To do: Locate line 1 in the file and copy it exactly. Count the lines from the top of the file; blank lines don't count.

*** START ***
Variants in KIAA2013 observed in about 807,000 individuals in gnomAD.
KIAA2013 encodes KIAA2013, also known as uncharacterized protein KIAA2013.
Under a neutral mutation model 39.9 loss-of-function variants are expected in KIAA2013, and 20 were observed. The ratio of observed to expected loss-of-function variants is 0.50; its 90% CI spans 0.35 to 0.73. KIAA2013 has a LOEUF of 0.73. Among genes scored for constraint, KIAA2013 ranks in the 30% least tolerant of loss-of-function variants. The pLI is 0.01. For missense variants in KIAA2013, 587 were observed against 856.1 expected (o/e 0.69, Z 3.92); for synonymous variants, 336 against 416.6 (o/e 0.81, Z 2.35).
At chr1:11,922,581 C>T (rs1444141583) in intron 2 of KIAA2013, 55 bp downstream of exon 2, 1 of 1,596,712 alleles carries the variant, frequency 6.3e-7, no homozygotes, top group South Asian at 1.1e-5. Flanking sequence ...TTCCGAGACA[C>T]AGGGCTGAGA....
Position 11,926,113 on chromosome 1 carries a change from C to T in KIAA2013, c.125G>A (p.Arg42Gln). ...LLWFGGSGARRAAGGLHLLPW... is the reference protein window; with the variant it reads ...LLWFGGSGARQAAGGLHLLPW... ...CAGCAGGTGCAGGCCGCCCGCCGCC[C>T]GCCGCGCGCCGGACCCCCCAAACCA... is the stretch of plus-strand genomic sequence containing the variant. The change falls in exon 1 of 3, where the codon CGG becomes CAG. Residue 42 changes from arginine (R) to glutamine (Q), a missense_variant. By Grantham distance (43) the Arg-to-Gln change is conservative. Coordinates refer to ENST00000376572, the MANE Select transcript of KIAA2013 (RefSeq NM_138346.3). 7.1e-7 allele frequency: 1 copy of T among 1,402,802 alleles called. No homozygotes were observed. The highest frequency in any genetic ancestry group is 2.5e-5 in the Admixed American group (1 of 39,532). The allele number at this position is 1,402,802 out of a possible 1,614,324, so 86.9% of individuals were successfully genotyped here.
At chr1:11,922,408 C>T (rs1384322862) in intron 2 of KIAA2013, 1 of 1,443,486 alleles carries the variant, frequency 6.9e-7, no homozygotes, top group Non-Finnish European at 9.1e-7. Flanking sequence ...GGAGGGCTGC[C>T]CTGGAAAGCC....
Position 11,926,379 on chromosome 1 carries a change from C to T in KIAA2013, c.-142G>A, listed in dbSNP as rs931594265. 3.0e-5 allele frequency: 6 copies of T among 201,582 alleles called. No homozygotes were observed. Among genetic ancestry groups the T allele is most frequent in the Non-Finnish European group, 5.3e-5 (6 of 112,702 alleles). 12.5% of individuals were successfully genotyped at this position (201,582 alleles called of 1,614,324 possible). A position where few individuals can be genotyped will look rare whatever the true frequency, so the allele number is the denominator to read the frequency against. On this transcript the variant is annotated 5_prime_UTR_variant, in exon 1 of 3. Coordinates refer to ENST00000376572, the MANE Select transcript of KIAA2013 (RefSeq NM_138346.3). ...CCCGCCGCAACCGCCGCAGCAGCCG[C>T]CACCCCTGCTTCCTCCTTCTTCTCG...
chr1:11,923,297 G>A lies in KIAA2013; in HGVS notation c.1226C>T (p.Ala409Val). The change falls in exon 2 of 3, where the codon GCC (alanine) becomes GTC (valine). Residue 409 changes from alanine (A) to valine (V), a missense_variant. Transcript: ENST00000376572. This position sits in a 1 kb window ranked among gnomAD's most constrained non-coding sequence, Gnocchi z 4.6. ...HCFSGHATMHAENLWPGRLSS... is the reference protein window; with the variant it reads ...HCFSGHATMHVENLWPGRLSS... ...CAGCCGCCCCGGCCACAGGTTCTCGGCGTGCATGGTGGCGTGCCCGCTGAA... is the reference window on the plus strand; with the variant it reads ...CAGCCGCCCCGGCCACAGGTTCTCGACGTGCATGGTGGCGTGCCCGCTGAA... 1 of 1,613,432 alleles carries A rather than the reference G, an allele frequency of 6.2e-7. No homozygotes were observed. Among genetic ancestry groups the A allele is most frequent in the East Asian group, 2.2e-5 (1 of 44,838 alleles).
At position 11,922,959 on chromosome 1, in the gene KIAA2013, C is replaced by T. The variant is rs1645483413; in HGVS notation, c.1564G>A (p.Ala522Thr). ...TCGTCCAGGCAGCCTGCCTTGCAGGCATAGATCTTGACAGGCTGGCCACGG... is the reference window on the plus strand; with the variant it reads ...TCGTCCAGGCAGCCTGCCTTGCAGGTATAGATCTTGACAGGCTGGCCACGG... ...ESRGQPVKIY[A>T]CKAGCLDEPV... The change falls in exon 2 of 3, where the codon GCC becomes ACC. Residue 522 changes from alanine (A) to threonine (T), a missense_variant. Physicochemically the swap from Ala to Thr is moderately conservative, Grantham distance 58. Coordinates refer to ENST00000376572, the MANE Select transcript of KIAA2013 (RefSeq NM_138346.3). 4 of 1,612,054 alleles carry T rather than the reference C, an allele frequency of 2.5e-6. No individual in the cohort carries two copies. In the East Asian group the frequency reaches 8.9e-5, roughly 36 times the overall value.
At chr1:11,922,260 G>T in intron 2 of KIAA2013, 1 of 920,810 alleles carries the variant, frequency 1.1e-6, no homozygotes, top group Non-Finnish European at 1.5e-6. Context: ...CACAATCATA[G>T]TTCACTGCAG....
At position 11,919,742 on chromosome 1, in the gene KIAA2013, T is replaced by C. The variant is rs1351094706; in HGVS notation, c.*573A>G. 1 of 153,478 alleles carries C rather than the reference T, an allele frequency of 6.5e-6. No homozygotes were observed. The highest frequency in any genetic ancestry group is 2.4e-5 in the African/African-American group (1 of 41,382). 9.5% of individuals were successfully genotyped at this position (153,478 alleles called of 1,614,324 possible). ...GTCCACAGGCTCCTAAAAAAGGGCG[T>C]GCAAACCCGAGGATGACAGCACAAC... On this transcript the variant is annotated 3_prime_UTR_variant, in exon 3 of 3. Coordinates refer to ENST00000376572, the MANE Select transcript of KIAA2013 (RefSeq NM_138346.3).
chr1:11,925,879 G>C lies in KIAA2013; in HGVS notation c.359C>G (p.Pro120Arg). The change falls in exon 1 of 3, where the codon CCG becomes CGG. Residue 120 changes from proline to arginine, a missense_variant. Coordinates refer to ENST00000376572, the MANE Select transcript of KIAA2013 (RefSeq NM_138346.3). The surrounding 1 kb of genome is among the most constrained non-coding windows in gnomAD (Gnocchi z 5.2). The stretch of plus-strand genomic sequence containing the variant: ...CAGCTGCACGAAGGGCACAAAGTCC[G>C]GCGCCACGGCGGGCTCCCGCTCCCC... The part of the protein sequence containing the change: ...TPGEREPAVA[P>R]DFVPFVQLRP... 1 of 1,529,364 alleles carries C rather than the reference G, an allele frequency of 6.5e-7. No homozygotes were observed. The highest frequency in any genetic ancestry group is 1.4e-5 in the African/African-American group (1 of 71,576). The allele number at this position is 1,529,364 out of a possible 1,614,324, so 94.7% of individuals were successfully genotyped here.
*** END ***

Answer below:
Variants in KIAA2013 observed in about 807,000 individuals in gnomAD.